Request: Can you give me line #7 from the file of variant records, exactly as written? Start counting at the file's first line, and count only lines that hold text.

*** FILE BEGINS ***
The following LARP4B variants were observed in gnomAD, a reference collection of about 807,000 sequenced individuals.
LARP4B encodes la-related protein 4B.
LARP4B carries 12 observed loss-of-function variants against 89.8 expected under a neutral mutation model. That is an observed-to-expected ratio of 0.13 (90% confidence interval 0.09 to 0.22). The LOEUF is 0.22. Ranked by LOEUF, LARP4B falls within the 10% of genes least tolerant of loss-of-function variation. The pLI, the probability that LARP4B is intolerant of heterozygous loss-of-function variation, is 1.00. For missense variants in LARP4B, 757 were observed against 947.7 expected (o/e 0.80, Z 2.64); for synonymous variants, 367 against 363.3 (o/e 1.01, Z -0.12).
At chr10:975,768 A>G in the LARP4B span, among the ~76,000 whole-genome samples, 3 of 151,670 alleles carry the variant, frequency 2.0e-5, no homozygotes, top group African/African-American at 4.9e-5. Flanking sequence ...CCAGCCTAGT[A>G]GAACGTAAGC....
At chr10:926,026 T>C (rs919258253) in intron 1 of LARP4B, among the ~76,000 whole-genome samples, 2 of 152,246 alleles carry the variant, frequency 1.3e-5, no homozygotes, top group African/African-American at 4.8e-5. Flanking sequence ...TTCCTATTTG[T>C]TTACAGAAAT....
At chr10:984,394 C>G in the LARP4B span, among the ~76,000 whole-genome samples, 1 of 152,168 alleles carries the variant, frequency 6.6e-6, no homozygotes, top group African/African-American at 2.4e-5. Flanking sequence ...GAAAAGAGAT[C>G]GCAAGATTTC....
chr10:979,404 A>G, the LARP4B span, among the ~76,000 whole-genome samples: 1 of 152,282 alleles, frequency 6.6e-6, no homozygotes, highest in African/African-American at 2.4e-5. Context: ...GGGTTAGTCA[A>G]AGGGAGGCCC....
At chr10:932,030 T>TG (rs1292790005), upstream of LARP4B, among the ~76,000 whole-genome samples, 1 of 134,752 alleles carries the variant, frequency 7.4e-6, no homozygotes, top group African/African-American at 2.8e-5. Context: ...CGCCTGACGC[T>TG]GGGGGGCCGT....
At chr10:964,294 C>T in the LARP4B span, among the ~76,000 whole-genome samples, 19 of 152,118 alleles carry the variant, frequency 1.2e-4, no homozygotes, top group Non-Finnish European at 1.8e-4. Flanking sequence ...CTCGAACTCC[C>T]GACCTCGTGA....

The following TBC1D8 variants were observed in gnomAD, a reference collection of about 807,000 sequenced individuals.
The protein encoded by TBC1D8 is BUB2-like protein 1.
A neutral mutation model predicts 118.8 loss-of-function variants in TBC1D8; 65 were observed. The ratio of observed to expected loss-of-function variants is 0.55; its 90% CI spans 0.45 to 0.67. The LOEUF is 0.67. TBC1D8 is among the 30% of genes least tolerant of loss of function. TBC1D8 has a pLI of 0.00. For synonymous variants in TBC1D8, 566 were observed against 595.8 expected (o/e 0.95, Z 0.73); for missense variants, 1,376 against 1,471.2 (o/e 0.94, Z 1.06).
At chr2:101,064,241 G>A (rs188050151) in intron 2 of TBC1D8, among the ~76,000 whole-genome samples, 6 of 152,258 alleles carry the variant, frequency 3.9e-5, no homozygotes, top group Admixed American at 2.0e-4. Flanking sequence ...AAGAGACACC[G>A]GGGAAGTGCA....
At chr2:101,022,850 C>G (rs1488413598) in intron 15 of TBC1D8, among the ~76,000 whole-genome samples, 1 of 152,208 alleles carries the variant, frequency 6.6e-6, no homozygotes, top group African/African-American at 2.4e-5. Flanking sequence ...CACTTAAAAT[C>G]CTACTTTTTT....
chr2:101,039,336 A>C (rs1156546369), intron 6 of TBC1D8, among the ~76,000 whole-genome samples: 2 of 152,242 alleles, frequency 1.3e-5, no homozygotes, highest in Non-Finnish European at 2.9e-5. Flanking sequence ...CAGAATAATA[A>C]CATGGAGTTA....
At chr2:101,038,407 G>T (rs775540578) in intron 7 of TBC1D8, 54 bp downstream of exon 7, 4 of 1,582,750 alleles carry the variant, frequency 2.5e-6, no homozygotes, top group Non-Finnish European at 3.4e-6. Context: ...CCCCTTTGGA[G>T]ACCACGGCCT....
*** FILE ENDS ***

chr10:979,404 A>G, the LARP4B span, among the ~76,000 whole-genome samples: 1 of 152,282 alleles, frequency 6.6e-6, no homozygotes, highest in African/African-American at 2.4e-5. Context: ...GGGTTAGTCA[A>G]AGGGAGGCCC....